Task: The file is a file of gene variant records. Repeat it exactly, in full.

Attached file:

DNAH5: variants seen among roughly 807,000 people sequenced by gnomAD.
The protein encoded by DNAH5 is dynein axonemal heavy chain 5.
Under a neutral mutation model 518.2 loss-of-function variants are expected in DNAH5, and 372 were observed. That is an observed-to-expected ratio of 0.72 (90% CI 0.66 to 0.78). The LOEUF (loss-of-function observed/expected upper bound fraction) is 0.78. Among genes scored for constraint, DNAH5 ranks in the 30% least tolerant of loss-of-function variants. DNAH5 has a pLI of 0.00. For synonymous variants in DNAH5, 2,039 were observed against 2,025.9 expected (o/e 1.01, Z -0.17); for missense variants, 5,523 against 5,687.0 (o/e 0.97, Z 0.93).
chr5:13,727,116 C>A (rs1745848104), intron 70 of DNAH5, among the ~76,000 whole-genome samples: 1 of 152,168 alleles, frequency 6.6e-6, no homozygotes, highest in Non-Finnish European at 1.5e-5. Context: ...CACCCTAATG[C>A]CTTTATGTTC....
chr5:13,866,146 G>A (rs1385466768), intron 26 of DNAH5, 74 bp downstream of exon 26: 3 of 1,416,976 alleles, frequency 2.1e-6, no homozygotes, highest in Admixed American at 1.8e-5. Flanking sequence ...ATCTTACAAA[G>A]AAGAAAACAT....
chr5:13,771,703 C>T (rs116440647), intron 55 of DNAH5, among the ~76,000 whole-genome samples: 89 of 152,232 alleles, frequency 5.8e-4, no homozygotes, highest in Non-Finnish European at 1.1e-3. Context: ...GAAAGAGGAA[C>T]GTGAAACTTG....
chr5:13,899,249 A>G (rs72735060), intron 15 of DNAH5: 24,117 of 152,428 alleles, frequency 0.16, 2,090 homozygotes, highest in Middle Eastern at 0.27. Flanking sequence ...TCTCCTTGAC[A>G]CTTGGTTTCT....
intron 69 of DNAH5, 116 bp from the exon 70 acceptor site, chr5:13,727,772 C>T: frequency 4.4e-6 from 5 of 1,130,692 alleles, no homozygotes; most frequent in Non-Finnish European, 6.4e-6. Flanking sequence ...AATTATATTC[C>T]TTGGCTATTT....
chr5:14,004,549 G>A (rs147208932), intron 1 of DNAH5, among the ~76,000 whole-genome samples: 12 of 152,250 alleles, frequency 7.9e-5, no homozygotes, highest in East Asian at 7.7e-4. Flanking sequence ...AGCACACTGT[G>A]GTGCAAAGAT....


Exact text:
DNAH5: variants seen among roughly 807,000 people sequenced by gnomAD.
The protein encoded by DNAH5 is dynein axonemal heavy chain 5.
Under a neutral mutation model 518.2 loss-of-function variants are expected in DNAH5, and 372 were observed. That is an observed-to-expected ratio of 0.72 (90% CI 0.66 to 0.78). The LOEUF (loss-of-function observed/expected upper bound fraction) is 0.78. Among genes scored for constraint, DNAH5 ranks in the 30% least tolerant of loss-of-function variants. DNAH5 has a pLI of 0.00. For synonymous variants in DNAH5, 2,039 were observed against 2,025.9 expected (o/e 1.01, Z -0.17); for missense variants, 5,523 against 5,687.0 (o/e 0.97, Z 0.93).
chr5:13,727,116 C>A (rs1745848104), intron 70 of DNAH5, among the ~76,000 whole-genome samples: 1 of 152,168 alleles, frequency 6.6e-6, no homozygotes, highest in Non-Finnish European at 1.5e-5. Context: ...CACCCTAATG[C>A]CTTTATGTTC....
chr5:13,866,146 G>A (rs1385466768), intron 26 of DNAH5, 74 bp downstream of exon 26: 3 of 1,416,976 alleles, frequency 2.1e-6, no homozygotes, highest in Admixed American at 1.8e-5. Flanking sequence ...ATCTTACAAA[G>A]AAGAAAACAT....
chr5:13,771,703 C>T (rs116440647), intron 55 of DNAH5, among the ~76,000 whole-genome samples: 89 of 152,232 alleles, frequency 5.8e-4, no homozygotes, highest in Non-Finnish European at 1.1e-3. Context: ...GAAAGAGGAA[C>T]GTGAAACTTG....
chr5:13,899,249 A>G (rs72735060), intron 15 of DNAH5: 24,117 of 152,428 alleles, frequency 0.16, 2,090 homozygotes, highest in Middle Eastern at 0.27. Flanking sequence ...TCTCCTTGAC[A>G]CTTGGTTTCT....
intron 69 of DNAH5, 116 bp from the exon 70 acceptor site, chr5:13,727,772 C>T: frequency 4.4e-6 from 5 of 1,130,692 alleles, no homozygotes; most frequent in Non-Finnish European, 6.4e-6. Flanking sequence ...AATTATATTC[C>T]TTGGCTATTT....
chr5:14,004,549 G>A (rs147208932), intron 1 of DNAH5, among the ~76,000 whole-genome samples: 12 of 152,250 alleles, frequency 7.9e-5, no homozygotes, highest in East Asian at 7.7e-4. Flanking sequence ...AGCACACTGT[G>A]GTGCAAAGAT....